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Re: BOOK_ARTS-L Digest - Proper care and feeding of Japanese waterstone?
- To: BOOK_ARTS-L@LISTSERV.SYR.EDU
- Subject: Re: BOOK_ARTS-L Digest - Proper care and feeding of Japanese waterstone?
- From: Robin Thurlow <rthurlow@BINGHAMTON.EDU>
- Date: Mon, 18 Jun 2001 10:51:47 -0400
- Message-Id: <200106181448.HAA12124@palimpsest.Stanford.EDU>
- Sender: "Book_Arts-L: READ THE FAQ at http://www.philobiblon.com" <BOOK_ARTS-L@LISTSERV.SYR.EDU>
The only Japanese waterstones I've ever worked with are the unmounted type. I've
heard that the problem with the mounted ones is the possibility of the wood mount
warping, and throwing the stone's flatness (or your orientation with it as it sits
on the table) off. Here's the method I learned for stone maintenance in violin
When getting a new stone the first thing to do is check the surface with a perfect
straight edge. The stone should be perfectly flat. I think they usually look
pretty good when coming straight from the company but it's good to have a look at
it. The stone must be looked at on every point of the surface (both surfaces, if
you have a double-sided one of different grits... and even all sides if you plan to
use these for doing scrapers) Hold the stone edge-on, up to the light, as if
you're looking through a telescope, and gently place the straight edge on various
points. Check it all along its surface widthwise; check it with a longer
straightedge lengthwise from edge to edge to see if there's any scoop (which you
don't want); and check both ways from corner to corner diagonally for any
irregularities or scoop. There should be no irregularities and no space between
the straightedge and the stone. When the stone is wet it should sit against the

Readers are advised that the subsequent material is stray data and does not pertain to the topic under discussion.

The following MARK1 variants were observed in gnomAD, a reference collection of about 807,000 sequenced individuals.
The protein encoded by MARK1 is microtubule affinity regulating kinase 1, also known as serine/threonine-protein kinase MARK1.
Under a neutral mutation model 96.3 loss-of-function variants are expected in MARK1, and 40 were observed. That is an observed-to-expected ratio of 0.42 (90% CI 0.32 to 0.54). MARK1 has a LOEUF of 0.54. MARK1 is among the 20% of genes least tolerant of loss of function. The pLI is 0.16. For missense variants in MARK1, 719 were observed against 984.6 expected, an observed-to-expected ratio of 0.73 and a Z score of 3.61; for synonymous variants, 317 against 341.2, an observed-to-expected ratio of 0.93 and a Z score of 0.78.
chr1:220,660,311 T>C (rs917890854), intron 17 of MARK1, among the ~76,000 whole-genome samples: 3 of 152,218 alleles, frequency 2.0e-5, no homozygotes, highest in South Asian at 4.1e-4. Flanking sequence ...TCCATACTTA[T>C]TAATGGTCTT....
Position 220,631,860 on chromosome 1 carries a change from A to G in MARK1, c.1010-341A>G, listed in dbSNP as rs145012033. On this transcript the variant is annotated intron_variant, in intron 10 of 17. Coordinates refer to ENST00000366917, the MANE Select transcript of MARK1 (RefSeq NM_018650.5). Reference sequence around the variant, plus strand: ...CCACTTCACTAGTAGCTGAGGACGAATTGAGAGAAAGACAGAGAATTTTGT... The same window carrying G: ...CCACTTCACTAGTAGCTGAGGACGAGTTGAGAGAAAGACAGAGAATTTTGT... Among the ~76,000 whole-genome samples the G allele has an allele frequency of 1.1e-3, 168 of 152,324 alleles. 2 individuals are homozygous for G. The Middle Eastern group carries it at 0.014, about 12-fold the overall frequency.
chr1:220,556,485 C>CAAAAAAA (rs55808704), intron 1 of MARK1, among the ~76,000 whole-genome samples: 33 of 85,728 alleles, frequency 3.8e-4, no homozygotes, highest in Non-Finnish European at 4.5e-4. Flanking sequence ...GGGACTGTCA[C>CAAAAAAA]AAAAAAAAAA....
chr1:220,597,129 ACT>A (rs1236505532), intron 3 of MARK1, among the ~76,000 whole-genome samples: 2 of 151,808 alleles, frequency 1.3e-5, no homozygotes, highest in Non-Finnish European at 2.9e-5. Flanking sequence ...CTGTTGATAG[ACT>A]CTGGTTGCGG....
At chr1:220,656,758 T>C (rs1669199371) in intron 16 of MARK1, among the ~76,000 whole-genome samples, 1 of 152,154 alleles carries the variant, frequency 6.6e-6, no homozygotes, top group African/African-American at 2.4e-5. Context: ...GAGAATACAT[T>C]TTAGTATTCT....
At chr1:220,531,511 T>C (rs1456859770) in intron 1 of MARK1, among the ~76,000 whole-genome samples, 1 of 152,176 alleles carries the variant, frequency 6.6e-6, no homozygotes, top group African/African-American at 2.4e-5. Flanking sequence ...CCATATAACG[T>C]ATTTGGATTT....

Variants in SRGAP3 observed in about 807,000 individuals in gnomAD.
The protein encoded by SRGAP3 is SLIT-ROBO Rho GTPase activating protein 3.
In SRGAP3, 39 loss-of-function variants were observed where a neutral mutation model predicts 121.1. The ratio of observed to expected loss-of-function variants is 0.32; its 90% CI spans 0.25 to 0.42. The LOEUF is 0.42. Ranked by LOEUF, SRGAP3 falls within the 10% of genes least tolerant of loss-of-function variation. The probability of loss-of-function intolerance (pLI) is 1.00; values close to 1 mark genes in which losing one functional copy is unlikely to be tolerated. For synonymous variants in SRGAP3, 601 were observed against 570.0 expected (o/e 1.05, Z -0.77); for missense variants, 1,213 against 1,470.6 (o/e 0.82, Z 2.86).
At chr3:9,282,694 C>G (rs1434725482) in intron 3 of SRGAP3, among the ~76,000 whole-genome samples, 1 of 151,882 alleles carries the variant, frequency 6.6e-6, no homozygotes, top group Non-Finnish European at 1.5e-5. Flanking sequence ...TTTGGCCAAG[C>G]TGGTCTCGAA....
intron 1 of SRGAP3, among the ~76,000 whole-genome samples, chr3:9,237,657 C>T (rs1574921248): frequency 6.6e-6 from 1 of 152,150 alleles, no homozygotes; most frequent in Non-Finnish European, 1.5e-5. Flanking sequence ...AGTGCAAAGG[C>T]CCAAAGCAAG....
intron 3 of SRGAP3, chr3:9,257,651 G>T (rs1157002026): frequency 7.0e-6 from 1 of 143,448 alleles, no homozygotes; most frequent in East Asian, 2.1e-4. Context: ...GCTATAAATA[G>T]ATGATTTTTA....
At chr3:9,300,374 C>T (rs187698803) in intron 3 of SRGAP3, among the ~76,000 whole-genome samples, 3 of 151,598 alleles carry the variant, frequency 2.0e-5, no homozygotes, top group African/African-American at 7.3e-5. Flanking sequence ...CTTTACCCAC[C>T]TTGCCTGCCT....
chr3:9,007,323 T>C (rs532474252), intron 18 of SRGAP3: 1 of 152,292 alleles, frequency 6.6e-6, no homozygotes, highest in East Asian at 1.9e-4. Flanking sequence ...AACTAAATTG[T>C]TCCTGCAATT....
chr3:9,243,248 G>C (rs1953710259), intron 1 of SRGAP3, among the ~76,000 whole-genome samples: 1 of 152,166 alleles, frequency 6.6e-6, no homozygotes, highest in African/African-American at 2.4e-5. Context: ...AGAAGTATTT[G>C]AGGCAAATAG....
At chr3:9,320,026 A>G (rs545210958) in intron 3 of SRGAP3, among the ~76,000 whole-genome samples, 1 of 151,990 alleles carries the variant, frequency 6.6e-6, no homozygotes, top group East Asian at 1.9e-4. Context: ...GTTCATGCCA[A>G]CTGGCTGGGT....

straight edge surface as if in a vaccuum.
The stone can be flattened by mounting a waterproof abrasive surface (such as that
from a belt sander) onto a very flat backing, such as a perfectly flat marble slab
or workbench. The wet stone should be pressed evenly down (be careful to put even
pressure onto it as you work) and move the stone over the surface in a sort of
'figure-eight' motion. Periodically re-check the surface of the stone at all
points to be sure it's progressing well. It's best to first flatten the
rougher-grit surface, because the slurry created from this will help the finer-grit
surface work go a bit faster.
To store the stone, keep it in water which should itheoretically be changed from
time to time (though I had one stone stored in a sealed container for over a year,
and the water was still fine!) One way to help keep your flattened surfaces
well-maintained is to keep the stone raised up from the floor of the storage
container, so that it isn't sitting in its own slurry. I've done this by getting a
black rubber welcome mat from the hardware store... this is the sort which has a
surface of little regular bumps... and cutting it to the size of the storage
When handling the stone always be sure not to get any oil on it, or it will be
ruined. Try to work on the surface evenly so that one side doesn't wear down
faster than another.. it makes it more time-consuming to flatten in the future.
The stone should be flattened, according to the above method, before every session
in which it's used. Also remember that the grit of the stone is very abrasive to
human skin, even though it may not feel very abrasive. If you rub part of your
hand against it repeatedly while working, you'll eventually bleed everywhere!
(this is not bad for the stone but it's not very pleasant in general)
I've never heard of adding bleach to the water to keep it from going bad. Regular
water changes should suffice, & it seems that *never* changing the water will
suffice too.. (??)
Hope this wasn't too boring. If you have any trouble with any of this please let
me know & I'll be happy to help.
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